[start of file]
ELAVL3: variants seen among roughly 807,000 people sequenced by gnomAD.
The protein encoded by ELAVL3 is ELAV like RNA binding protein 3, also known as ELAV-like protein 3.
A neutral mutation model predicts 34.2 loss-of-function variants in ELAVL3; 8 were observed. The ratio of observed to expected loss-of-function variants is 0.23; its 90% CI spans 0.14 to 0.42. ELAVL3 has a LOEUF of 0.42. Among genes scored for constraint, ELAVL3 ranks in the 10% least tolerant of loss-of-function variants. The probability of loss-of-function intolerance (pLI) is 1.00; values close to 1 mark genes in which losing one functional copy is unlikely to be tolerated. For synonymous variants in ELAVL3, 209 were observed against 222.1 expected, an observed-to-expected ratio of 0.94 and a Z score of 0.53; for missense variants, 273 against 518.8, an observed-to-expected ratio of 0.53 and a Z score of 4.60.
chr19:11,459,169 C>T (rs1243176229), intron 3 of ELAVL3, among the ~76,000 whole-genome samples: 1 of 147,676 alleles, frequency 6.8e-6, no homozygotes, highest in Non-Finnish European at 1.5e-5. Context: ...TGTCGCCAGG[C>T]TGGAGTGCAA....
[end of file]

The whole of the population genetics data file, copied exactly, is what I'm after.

ELAVL3: variants seen among roughly 807,000 people sequenced by gnomAD.
The protein encoded by ELAVL3 is ELAV like RNA binding protein 3, also known as ELAV-like protein 3.
A neutral mutation model predicts 34.2 loss-of-function variants in ELAVL3; 8 were observed. The ratio of observed to expected loss-of-function variants is 0.23; its 90% CI spans 0.14 to 0.42. ELAVL3 has a LOEUF of 0.42. Among genes scored for constraint, ELAVL3 ranks in the 10% least tolerant of loss-of-function variants. The probability of loss-of-function intolerance (pLI) is 1.00; values close to 1 mark genes in which losing one functional copy is unlikely to be tolerated. For synonymous variants in ELAVL3, 209 were observed against 222.1 expected, an observed-to-expected ratio of 0.94 and a Z score of 0.53; for missense variants, 273 against 518.8, an observed-to-expected ratio of 0.53 and a Z score of 4.60.
chr19:11,459,169 C>T (rs1243176229), intron 3 of ELAVL3, among the ~76,000 whole-genome samples: 1 of 147,676 alleles, frequency 6.8e-6, no homozygotes, highest in Non-Finnish European at 1.5e-5. Context: ...TGTCGCCAGG[C>T]TGGAGTGCAA....